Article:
Harvard Medical School Does Not Plan to Go Tuition-Free Despite Example Set by NYU


The New York University School of Medicine generated national headlines and some glowing editorials when it announced over the summer that it planned to go tuition-free.

Harvard, though, has no plans to follow suit.

NYU's School of Medicine recently decided to grant full-tuition scholarships to all M.D. students without attention to their level of financial need or academic merit. The scholarships do not include the roughly $29,000 in room, board, and living expenses that NYU estimates students will still need to pay each year.

The move came after the school raised $450 million of the $600 million they needed to completely cover tuition — $100 million of which came from Kenneth G. Langone, the founder of Home Depot.


Harvard Medical School Dean George Q. Daley ’82 wrote a letter to students this month reviewing Harvard’s current scholarships for its medical students. He criticized the approaches of other schools but did not mention NYU by name.

"Some schools have abandoned the principle of need-based scholarship support and are diverting aid from students in need to students with ample means to pay for their education, often those who already enjoy considerable socioeconomic advantages," he wrote.

He also mentioned that Harvard Medical School graduates have the third-lowest level of student debt of all American medical schools, hovering at $105,389. 

Edward Hundert, Harvard’s dean for medical education, said Harvard’s financial-aid programs attempt to provide more need-based aid, rather than merit aid or scholarships that do not factor in financial need.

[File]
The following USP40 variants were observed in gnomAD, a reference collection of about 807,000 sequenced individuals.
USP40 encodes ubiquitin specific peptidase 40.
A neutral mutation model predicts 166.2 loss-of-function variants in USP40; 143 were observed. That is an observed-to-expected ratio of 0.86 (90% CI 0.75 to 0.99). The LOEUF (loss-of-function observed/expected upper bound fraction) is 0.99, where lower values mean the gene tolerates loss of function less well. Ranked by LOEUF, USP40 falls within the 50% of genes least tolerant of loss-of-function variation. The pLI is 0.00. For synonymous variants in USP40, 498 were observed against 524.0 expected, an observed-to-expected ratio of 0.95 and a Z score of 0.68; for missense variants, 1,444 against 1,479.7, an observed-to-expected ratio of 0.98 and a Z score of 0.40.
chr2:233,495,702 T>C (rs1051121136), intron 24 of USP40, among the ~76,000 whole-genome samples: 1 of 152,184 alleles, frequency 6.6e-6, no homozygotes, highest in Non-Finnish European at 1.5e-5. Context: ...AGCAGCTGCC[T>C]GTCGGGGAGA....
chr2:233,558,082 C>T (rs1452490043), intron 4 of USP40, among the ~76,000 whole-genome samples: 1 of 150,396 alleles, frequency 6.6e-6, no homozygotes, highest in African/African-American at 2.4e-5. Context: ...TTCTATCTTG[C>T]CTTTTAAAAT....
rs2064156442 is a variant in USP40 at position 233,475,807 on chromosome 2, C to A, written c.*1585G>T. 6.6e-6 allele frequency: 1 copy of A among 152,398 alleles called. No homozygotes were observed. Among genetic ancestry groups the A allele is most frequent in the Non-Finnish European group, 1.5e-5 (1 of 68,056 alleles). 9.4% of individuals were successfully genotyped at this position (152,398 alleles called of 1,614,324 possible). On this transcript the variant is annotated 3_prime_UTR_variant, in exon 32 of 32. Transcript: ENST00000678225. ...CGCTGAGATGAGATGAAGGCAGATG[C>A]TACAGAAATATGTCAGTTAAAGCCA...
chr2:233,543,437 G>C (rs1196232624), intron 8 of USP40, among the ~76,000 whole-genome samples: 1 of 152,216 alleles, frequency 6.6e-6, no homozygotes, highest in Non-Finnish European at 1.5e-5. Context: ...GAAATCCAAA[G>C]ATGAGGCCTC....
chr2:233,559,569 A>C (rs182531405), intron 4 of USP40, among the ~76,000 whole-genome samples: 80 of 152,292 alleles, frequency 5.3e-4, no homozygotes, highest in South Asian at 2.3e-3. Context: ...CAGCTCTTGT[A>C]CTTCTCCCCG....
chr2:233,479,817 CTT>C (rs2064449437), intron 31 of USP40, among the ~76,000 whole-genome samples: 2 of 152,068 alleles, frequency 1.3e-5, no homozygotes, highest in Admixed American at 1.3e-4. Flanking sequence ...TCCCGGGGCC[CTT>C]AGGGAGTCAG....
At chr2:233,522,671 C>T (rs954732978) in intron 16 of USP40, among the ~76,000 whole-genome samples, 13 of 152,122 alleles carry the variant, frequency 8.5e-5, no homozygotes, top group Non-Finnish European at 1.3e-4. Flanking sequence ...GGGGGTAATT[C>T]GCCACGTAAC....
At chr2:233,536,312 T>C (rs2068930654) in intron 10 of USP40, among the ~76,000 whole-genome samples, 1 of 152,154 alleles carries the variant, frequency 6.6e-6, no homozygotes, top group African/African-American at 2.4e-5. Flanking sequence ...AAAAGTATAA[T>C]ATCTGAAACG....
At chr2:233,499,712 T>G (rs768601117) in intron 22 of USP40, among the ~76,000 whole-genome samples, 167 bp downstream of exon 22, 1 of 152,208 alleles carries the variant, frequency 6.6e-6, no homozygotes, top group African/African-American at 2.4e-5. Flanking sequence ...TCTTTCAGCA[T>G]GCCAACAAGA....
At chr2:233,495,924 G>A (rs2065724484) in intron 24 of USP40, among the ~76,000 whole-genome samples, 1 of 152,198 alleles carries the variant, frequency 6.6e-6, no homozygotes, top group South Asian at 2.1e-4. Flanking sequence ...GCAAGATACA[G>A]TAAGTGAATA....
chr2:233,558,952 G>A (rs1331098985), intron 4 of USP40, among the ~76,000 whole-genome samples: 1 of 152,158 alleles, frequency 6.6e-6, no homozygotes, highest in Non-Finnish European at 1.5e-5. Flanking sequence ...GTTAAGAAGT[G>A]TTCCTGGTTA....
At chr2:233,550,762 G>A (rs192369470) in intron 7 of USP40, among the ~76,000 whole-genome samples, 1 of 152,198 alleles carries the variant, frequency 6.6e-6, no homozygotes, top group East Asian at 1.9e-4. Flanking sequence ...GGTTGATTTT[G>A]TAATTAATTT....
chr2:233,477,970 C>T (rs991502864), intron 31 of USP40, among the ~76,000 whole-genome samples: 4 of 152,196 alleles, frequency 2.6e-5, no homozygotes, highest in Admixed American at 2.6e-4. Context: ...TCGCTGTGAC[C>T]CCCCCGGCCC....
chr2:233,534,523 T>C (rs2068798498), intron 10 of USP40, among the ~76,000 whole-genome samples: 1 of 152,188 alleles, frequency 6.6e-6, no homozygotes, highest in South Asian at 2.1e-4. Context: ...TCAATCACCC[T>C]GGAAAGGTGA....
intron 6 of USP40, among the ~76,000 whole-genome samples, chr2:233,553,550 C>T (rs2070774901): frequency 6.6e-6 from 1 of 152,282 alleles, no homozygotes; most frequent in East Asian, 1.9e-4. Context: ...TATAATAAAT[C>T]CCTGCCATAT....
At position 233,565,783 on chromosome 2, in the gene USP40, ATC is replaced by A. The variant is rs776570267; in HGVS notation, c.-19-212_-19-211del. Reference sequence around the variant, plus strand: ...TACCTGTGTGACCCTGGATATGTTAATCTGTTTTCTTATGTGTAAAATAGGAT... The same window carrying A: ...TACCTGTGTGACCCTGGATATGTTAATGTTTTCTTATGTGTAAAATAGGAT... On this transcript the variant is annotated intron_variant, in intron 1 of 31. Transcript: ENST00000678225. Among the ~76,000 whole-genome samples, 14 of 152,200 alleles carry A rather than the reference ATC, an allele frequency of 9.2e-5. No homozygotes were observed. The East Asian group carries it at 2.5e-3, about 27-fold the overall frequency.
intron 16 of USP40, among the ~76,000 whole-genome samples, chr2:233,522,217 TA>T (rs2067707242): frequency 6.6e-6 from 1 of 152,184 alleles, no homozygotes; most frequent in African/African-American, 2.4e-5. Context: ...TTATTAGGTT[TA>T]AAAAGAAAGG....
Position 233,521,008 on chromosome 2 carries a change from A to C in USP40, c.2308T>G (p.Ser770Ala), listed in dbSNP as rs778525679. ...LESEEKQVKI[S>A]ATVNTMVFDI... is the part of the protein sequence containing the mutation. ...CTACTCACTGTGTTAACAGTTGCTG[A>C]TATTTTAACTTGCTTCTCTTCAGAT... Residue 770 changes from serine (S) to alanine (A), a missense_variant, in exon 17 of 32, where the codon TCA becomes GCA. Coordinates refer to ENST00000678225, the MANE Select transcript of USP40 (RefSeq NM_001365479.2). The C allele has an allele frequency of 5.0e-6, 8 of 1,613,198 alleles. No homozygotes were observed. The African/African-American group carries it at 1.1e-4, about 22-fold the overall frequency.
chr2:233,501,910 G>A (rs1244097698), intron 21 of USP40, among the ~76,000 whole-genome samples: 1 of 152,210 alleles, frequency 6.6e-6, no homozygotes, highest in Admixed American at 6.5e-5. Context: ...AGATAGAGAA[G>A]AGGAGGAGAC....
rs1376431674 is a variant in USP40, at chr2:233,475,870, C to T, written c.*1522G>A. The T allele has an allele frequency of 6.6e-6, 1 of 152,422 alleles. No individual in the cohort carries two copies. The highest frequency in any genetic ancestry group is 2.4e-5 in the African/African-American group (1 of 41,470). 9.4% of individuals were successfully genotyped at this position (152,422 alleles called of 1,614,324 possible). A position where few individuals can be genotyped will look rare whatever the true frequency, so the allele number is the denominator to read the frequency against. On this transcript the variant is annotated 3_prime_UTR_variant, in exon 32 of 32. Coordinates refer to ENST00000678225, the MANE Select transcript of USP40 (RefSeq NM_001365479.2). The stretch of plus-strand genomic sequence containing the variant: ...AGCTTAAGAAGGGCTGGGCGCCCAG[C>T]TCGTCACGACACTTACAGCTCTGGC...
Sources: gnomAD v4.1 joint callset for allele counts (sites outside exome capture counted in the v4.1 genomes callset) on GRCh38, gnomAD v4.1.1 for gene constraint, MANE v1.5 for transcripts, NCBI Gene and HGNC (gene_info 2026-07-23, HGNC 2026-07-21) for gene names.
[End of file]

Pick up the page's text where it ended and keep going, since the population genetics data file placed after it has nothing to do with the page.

“What we're trying to do is make sure that, as we allocate our scholarship funds, that we do it based on the calculated ability to pay of people who apply, so that we don't get into the possibility that a students from a family of considerable means is getting more of our aid relative to a student of more limited means,” he said.

Under Harvard Medical School’s current tuition scheme, all students receive a scholarship that is equal to their financial need as determined by federal formulas — minus $33,950, the school’s “unit loan” that it expects all students to take out annually. 

Asked whether he is worried prospective students will now choose NYU over Harvard for financial reasons, Hundert said he thinks students will make that decision based on which school would be the best fit for them. 

“We believe that students should try to select whichever learning environment suits them the best,” he said. “I really feel strongly that students should try to find that best learning environment for them.”

Julie Fresne, a senior administrator at the Association of American Medical Colleges, wrote in an email that she would like to see more schools go tuition-free but that it might be financially difficult for many institutions.

“We believe many schools would like to be able to offer such a generous program. However, it takes tremendous support and commitment, not to mention very generous donors, which isn't realistic for all schools,” she wrote.

Harvard Medical School has confronted financial difficulties for the past several years. The school has seen an operating deficit nine out of the last 10 years. The deficit stood at $44 million during the most recent fiscal year.

Correction: Sept. 7, 2018

A previous version of this article misquoted Edward Hundert. It has been updated.

—Staff writer Luke W. Vrotsos can be reached at


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